LSVT therapies help to control the disease

The bad news is there exists no cure for Parkinson’s disease.

The good news is that there are ways to control the symptoms that otherwise can severely limit a person’s activities, according to local medical professionals.

Dr. Donald Dworek, a UPMC Susquehanna neurologist, recently addressed the symptoms and treatments for Parkinsons.

The disease, he said, often is marked by any of various kinds of tremors in certain parts of the body.

Essentially, the three types are resting, postural and action tremors.

Often, he noted, the tremor or shaking begins in a limb.

“Over time, Parkinson’s disease may reduce your ability to move and slow your movement, making simple tasks difficult and time-consuming,” he said.

People with the disease may have problems writing or speaking. Parkinson’s can cause muscle stiffness, impaired posture and affect unconscious movements such as blinking or smiling.

Other possible symptoms include bladder problems, blood pressure variations, sexual dysfunction and fatigue.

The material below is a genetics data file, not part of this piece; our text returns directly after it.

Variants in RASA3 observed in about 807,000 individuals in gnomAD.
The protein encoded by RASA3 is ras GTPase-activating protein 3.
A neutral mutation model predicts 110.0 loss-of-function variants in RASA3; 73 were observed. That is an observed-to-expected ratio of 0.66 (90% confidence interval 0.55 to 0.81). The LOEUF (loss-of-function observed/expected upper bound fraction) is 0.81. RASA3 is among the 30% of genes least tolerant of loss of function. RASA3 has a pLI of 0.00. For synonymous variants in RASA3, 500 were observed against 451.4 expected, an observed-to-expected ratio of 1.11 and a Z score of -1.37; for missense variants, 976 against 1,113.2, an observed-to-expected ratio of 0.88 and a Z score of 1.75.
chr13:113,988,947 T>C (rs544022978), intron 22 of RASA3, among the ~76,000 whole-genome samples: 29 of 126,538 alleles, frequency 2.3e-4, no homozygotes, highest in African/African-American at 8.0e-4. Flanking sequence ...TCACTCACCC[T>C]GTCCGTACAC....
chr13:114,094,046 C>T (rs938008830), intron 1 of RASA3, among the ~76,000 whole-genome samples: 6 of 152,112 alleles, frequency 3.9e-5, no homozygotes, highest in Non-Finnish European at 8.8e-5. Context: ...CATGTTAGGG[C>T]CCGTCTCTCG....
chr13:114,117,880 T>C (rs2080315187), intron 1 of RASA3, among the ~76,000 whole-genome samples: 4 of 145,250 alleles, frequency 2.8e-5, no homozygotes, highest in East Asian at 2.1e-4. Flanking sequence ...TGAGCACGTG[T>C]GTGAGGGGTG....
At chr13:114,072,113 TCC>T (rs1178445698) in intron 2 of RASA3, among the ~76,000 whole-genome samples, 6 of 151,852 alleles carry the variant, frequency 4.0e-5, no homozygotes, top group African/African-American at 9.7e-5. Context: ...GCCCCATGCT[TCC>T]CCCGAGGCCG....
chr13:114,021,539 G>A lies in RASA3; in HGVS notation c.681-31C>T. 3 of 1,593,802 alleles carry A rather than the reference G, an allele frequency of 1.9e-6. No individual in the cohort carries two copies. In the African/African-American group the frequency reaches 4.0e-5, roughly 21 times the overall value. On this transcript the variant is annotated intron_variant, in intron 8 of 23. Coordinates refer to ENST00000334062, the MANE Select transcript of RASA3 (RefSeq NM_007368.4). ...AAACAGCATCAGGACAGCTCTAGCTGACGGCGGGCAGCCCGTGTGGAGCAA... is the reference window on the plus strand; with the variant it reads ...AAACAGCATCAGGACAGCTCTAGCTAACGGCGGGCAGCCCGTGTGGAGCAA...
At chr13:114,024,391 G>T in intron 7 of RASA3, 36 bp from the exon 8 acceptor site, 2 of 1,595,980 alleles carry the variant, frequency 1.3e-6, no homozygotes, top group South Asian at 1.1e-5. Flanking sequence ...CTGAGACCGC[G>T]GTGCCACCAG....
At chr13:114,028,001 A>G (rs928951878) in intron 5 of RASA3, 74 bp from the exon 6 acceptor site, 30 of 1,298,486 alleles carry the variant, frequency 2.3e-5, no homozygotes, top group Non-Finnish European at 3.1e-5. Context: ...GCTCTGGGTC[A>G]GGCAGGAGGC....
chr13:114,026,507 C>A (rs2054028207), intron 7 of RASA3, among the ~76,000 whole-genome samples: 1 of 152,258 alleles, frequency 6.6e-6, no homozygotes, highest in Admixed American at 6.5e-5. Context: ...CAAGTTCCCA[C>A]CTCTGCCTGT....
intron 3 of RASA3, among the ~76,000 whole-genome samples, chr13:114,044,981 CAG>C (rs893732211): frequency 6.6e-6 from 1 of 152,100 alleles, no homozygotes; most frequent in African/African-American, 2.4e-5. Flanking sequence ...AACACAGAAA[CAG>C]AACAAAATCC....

Ariel Muhs, UPMC Susquehanna speech and language therapist, noted that Parkinson’s disease sufferers who experience speech problems have

been helped through LSVT LOUD therapies, named for Mrs. Lee Silverman (Lee Silverman Voice Treatment — LSVT — and developed in 1987).

“There is a critical need for speech treatment in Parkinson’s disease,” she said.

Of the 10 million people who suffer worldwide from Parkinson’s, 89 percent have a speech or voice problem.

Many of them speak in a low or monotone voice, making for difficult dialogue with others.

Complicating the problem is that they often don’t perceive that they are unable to amplify their voices.

The LSVT therapy, Muhs noted, helps them increase the loudness of their speech. The LSVT Big therapy is an exercise program for improving body movements including walking, which can be impaired by the disease.

Joy Proctor, UPMC Susquehanna physical therapist, said the health system has in place a 16-hour LSVT BIG therapy program designed to help Parkinson patients.

“We try to change their internal cuing so they realize they need to move bigger,” she said.

The exercise program, while effective, must include follow-ups after the regular program of therapy is finished.

“LSVT BIG is one type of physical therapy program that has the potential to offer improvements in movement and quality of life for people with Parkinson’s disease,” Proctor said. “It is possible to take charge of your life even with Parkinson’s disease.”

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